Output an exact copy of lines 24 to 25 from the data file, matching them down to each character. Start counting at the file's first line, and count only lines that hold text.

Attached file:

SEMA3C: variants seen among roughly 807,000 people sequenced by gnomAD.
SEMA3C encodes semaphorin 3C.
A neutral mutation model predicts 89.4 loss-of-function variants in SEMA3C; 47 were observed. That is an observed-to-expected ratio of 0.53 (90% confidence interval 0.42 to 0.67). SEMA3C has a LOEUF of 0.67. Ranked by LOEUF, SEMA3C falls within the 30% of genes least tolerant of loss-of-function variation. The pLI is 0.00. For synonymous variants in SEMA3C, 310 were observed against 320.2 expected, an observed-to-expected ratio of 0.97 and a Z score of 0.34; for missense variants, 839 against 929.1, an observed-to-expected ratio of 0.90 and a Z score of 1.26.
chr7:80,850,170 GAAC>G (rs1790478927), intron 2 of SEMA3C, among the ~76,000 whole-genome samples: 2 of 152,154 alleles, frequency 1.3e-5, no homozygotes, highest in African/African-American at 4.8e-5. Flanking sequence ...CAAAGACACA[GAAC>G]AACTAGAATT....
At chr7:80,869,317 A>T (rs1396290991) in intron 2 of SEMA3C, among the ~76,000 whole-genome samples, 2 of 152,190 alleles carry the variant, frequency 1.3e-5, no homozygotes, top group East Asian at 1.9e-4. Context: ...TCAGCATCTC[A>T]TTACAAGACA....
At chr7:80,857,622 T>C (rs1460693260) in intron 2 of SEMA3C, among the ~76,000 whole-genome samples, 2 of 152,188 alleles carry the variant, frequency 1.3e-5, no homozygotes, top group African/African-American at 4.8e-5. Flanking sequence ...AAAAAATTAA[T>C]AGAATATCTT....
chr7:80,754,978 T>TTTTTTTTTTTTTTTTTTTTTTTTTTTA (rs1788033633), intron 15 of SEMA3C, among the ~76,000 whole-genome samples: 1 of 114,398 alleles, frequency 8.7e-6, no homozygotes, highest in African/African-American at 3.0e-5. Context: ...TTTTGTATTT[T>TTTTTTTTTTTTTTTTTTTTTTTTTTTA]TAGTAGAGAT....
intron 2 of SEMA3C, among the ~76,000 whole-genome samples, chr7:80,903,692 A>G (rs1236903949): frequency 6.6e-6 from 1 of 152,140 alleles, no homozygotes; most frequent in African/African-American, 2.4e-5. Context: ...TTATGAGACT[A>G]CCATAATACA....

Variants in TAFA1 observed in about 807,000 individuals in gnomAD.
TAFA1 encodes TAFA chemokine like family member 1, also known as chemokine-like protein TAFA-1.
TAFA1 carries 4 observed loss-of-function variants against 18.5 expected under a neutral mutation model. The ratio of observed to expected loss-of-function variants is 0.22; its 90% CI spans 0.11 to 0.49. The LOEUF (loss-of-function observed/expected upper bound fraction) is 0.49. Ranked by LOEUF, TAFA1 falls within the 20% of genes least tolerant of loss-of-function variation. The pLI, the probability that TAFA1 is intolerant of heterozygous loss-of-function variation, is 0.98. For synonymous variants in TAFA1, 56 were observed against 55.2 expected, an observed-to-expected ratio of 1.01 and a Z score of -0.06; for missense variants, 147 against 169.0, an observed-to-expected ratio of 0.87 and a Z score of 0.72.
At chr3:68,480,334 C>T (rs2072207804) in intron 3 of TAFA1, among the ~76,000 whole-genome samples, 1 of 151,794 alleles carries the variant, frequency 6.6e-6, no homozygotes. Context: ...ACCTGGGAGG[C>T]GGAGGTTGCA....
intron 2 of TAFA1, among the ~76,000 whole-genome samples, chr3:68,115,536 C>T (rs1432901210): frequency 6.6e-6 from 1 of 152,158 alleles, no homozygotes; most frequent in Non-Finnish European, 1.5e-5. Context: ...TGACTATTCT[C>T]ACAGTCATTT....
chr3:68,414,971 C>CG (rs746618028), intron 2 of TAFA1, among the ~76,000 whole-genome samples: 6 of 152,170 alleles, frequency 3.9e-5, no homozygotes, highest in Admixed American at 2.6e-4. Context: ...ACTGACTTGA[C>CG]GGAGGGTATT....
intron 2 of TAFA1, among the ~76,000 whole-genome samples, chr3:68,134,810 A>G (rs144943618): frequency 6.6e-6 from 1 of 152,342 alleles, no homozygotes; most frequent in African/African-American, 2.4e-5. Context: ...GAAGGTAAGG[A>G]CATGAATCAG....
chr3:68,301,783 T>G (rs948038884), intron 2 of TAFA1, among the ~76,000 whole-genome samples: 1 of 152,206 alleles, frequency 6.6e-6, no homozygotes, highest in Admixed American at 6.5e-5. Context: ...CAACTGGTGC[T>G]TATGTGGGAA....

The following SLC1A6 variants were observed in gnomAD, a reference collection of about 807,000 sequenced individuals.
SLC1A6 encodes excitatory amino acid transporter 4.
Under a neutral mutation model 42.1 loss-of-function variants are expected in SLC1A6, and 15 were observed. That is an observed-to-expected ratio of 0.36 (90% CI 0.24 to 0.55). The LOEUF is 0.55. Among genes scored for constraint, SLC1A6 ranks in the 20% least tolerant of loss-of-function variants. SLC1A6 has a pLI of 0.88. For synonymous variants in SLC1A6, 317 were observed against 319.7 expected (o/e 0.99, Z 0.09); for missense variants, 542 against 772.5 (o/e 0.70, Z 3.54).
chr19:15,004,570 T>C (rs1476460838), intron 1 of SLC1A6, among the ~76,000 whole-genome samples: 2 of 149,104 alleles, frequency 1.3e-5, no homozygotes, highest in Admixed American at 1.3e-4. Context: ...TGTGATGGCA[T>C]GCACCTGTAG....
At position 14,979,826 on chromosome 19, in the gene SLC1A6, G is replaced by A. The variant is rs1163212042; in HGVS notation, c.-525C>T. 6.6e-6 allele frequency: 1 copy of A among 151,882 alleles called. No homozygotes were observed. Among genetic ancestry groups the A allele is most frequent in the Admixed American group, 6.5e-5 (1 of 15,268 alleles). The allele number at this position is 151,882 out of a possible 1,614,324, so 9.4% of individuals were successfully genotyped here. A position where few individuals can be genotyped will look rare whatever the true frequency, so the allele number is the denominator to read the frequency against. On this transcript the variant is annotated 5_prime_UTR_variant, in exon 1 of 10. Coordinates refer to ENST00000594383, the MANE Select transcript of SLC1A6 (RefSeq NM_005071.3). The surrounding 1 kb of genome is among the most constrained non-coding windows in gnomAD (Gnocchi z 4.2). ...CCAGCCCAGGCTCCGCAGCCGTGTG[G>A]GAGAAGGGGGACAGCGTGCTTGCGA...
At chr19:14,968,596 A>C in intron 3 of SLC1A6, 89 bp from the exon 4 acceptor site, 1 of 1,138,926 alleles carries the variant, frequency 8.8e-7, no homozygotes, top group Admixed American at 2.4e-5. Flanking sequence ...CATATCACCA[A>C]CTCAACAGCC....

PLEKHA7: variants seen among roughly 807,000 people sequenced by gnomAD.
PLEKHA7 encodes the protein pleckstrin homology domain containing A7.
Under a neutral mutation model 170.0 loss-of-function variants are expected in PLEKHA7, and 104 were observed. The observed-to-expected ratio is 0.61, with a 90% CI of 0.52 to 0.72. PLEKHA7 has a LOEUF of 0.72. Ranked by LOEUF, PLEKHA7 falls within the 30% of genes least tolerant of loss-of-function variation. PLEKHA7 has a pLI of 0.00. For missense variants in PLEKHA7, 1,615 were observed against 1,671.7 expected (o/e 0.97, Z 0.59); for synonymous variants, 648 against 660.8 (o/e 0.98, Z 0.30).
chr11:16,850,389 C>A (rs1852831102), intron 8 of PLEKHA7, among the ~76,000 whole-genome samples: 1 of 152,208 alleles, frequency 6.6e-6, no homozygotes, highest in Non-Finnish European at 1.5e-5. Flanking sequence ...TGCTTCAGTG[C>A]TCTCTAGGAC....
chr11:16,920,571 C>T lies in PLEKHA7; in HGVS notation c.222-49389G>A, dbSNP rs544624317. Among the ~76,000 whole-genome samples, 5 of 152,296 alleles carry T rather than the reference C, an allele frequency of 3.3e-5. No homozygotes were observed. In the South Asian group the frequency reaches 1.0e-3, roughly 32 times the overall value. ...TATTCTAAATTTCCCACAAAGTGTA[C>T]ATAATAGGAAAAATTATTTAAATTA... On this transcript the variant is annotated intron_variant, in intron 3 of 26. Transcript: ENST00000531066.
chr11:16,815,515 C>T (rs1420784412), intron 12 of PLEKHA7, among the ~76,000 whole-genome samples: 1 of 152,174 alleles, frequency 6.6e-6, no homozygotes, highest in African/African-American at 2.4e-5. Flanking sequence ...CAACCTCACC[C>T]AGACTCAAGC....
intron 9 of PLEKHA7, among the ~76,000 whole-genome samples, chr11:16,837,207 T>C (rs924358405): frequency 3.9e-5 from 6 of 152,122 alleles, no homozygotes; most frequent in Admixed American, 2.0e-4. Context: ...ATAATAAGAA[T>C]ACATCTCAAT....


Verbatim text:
PLEKHA7 encodes the protein pleckstrin homology domain containing A7.
Under a neutral mutation model 170.0 loss-of-function variants are expected in PLEKHA7, and 104 were observed. The observed-to-expected ratio is 0.61, with a 90% CI of 0.52 to 0.72. PLEKHA7 has a LOEUF of 0.72. Ranked by LOEUF, PLEKHA7 falls within the 30% of genes least tolerant of loss-of-function variation. PLEKHA7 has a pLI of 0.00. For missense variants in PLEKHA7, 1,615 were observed against 1,671.7 expected (o/e 0.97, Z 0.59); for synonymous variants, 648 against 660.8 (o/e 0.98, Z 0.30).